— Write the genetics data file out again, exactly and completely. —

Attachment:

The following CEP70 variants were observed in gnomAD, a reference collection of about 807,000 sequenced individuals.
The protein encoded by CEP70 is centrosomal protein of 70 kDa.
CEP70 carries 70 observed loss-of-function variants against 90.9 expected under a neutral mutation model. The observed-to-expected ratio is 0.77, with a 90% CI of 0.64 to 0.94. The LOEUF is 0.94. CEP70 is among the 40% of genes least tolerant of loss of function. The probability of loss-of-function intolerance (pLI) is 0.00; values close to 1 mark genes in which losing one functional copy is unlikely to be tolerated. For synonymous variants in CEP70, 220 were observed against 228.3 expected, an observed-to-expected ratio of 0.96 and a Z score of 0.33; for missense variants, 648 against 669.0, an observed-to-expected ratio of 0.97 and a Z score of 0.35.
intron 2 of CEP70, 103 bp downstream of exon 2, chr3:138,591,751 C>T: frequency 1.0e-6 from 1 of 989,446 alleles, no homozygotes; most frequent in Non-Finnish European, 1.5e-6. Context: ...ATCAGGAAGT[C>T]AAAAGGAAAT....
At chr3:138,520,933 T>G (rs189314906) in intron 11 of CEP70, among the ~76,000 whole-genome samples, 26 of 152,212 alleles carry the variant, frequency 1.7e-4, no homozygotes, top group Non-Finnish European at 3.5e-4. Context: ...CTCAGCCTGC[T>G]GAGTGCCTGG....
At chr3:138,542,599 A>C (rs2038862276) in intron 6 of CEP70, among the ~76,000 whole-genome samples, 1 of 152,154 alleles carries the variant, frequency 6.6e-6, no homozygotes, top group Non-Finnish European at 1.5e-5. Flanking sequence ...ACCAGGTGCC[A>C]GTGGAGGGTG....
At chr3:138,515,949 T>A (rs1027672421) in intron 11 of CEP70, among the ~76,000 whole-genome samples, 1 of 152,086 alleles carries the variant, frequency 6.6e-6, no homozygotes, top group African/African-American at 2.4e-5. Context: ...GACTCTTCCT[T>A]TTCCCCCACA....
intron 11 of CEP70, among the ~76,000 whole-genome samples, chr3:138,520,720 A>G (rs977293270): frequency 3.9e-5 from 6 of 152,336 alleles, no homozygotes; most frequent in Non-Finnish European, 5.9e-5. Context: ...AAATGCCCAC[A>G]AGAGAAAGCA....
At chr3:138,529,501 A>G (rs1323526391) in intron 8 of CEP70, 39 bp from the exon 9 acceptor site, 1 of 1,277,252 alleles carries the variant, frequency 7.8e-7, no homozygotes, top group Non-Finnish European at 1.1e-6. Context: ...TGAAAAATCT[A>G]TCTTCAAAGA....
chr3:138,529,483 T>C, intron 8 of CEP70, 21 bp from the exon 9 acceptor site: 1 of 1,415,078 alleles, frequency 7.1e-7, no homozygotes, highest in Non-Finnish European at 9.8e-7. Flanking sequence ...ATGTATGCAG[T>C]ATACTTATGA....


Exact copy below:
The following CEP70 variants were observed in gnomAD, a reference collection of about 807,000 sequenced individuals.
The protein encoded by CEP70 is centrosomal protein of 70 kDa.
CEP70 carries 70 observed loss-of-function variants against 90.9 expected under a neutral mutation model. The observed-to-expected ratio is 0.77, with a 90% CI of 0.64 to 0.94. The LOEUF is 0.94. CEP70 is among the 40% of genes least tolerant of loss of function. The probability of loss-of-function intolerance (pLI) is 0.00; values close to 1 mark genes in which losing one functional copy is unlikely to be tolerated. For synonymous variants in CEP70, 220 were observed against 228.3 expected, an observed-to-expected ratio of 0.96 and a Z score of 0.33; for missense variants, 648 against 669.0, an observed-to-expected ratio of 0.97 and a Z score of 0.35.
intron 2 of CEP70, 103 bp downstream of exon 2, chr3:138,591,751 C>T: frequency 1.0e-6 from 1 of 989,446 alleles, no homozygotes; most frequent in Non-Finnish European, 1.5e-6. Context: ...ATCAGGAAGT[C>T]AAAAGGAAAT....
At chr3:138,520,933 T>G (rs189314906) in intron 11 of CEP70, among the ~76,000 whole-genome samples, 26 of 152,212 alleles carry the variant, frequency 1.7e-4, no homozygotes, top group Non-Finnish European at 3.5e-4. Context: ...CTCAGCCTGC[T>G]GAGTGCCTGG....
At chr3:138,542,599 A>C (rs2038862276) in intron 6 of CEP70, among the ~76,000 whole-genome samples, 1 of 152,154 alleles carries the variant, frequency 6.6e-6, no homozygotes, top group Non-Finnish European at 1.5e-5. Flanking sequence ...ACCAGGTGCC[A>C]GTGGAGGGTG....
At chr3:138,515,949 T>A (rs1027672421) in intron 11 of CEP70, among the ~76,000 whole-genome samples, 1 of 152,086 alleles carries the variant, frequency 6.6e-6, no homozygotes, top group African/African-American at 2.4e-5. Context: ...GACTCTTCCT[T>A]TTCCCCCACA....
intron 11 of CEP70, among the ~76,000 whole-genome samples, chr3:138,520,720 A>G (rs977293270): frequency 3.9e-5 from 6 of 152,336 alleles, no homozygotes; most frequent in Non-Finnish European, 5.9e-5. Context: ...AAATGCCCAC[A>G]AGAGAAAGCA....
At chr3:138,529,501 A>G (rs1323526391) in intron 8 of CEP70, 39 bp from the exon 9 acceptor site, 1 of 1,277,252 alleles carries the variant, frequency 7.8e-7, no homozygotes, top group Non-Finnish European at 1.1e-6. Context: ...TGAAAAATCT[A>G]TCTTCAAAGA....
chr3:138,529,483 T>C, intron 8 of CEP70, 21 bp from the exon 9 acceptor site: 1 of 1,415,078 alleles, frequency 7.1e-7, no homozygotes, highest in Non-Finnish European at 9.8e-7. Flanking sequence ...ATGTATGCAG[T>C]ATACTTATGA....